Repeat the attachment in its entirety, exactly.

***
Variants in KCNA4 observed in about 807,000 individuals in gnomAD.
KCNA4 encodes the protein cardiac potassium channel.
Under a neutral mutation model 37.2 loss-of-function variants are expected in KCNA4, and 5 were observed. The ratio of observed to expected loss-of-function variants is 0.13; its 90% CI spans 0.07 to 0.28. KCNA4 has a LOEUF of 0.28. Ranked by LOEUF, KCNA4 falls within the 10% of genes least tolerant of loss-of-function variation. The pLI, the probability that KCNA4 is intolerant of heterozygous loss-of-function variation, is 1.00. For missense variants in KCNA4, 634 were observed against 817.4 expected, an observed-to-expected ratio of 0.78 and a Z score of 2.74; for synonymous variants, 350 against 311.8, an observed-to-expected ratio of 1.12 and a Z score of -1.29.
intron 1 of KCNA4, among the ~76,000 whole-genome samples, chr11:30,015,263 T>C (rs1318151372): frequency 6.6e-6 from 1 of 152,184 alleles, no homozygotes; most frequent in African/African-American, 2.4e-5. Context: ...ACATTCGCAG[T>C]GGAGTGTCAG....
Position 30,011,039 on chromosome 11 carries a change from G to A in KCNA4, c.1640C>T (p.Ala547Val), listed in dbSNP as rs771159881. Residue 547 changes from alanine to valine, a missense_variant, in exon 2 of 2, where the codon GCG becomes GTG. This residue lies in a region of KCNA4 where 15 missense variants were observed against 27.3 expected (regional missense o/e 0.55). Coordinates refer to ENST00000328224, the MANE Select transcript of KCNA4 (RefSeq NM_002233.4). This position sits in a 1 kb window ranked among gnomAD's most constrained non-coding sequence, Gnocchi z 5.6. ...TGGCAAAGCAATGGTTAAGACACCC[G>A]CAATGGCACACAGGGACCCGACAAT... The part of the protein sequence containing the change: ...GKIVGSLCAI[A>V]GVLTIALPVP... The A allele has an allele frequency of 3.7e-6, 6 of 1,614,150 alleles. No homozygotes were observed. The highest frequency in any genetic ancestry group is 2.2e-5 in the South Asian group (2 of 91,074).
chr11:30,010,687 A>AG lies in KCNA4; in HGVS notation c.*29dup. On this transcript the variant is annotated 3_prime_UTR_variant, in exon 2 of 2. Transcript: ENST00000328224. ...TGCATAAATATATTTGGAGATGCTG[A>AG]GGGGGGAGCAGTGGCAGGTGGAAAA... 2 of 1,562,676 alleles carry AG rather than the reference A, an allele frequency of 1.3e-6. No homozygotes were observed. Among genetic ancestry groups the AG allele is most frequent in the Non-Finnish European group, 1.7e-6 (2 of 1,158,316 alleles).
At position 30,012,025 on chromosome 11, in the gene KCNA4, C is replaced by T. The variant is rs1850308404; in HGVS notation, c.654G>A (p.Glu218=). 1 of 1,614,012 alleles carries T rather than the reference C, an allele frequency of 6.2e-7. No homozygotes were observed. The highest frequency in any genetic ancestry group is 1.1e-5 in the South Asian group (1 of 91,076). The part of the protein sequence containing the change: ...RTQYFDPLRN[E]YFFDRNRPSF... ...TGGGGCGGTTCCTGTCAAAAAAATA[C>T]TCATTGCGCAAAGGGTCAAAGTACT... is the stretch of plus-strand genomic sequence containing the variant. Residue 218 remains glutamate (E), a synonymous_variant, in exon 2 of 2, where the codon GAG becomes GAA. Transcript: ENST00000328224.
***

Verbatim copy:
Variants in KCNA4 observed in about 807,000 individuals in gnomAD.
KCNA4 encodes the protein cardiac potassium channel.
Under a neutral mutation model 37.2 loss-of-function variants are expected in KCNA4, and 5 were observed. The ratio of observed to expected loss-of-function variants is 0.13; its 90% CI spans 0.07 to 0.28. KCNA4 has a LOEUF of 0.28. Ranked by LOEUF, KCNA4 falls within the 10% of genes least tolerant of loss-of-function variation. The pLI, the probability that KCNA4 is intolerant of heterozygous loss-of-function variation, is 1.00. For missense variants in KCNA4, 634 were observed against 817.4 expected, an observed-to-expected ratio of 0.78 and a Z score of 2.74; for synonymous variants, 350 against 311.8, an observed-to-expected ratio of 1.12 and a Z score of -1.29.
intron 1 of KCNA4, among the ~76,000 whole-genome samples, chr11:30,015,263 T>C (rs1318151372): frequency 6.6e-6 from 1 of 152,184 alleles, no homozygotes; most frequent in African/African-American, 2.4e-5. Context: ...ACATTCGCAG[T>C]GGAGTGTCAG....
Position 30,011,039 on chromosome 11 carries a change from G to A in KCNA4, c.1640C>T (p.Ala547Val), listed in dbSNP as rs771159881. Residue 547 changes from alanine to valine, a missense_variant, in exon 2 of 2, where the codon GCG becomes GTG. This residue lies in a region of KCNA4 where 15 missense variants were observed against 27.3 expected (regional missense o/e 0.55). Coordinates refer to ENST00000328224, the MANE Select transcript of KCNA4 (RefSeq NM_002233.4). This position sits in a 1 kb window ranked among gnomAD's most constrained non-coding sequence, Gnocchi z 5.6. ...TGGCAAAGCAATGGTTAAGACACCC[G>A]CAATGGCACACAGGGACCCGACAAT... The part of the protein sequence containing the change: ...GKIVGSLCAI[A>V]GVLTIALPVP... The A allele has an allele frequency of 3.7e-6, 6 of 1,614,150 alleles. No homozygotes were observed. The highest frequency in any genetic ancestry group is 2.2e-5 in the South Asian group (2 of 91,074).
chr11:30,010,687 A>AG lies in KCNA4; in HGVS notation c.*29dup. On this transcript the variant is annotated 3_prime_UTR_variant, in exon 2 of 2. Transcript: ENST00000328224. ...TGCATAAATATATTTGGAGATGCTG[A>AG]GGGGGGAGCAGTGGCAGGTGGAAAA... 2 of 1,562,676 alleles carry AG rather than the reference A, an allele frequency of 1.3e-6. No homozygotes were observed. Among genetic ancestry groups the AG allele is most frequent in the Non-Finnish European group, 1.7e-6 (2 of 1,158,316 alleles).
At position 30,012,025 on chromosome 11, in the gene KCNA4, C is replaced by T. The variant is rs1850308404; in HGVS notation, c.654G>A (p.Glu218=). 1 of 1,614,012 alleles carries T rather than the reference C, an allele frequency of 6.2e-7. No homozygotes were observed. The highest frequency in any genetic ancestry group is 1.1e-5 in the South Asian group (1 of 91,076). The part of the protein sequence containing the change: ...RTQYFDPLRN[E]YFFDRNRPSF... ...TGGGGCGGTTCCTGTCAAAAAAATA[C>T]TCATTGCGCAAAGGGTCAAAGTACT... is the stretch of plus-strand genomic sequence containing the variant. Residue 218 remains glutamate (E), a synonymous_variant, in exon 2 of 2, where the codon GAG becomes GAA. Transcript: ENST00000328224.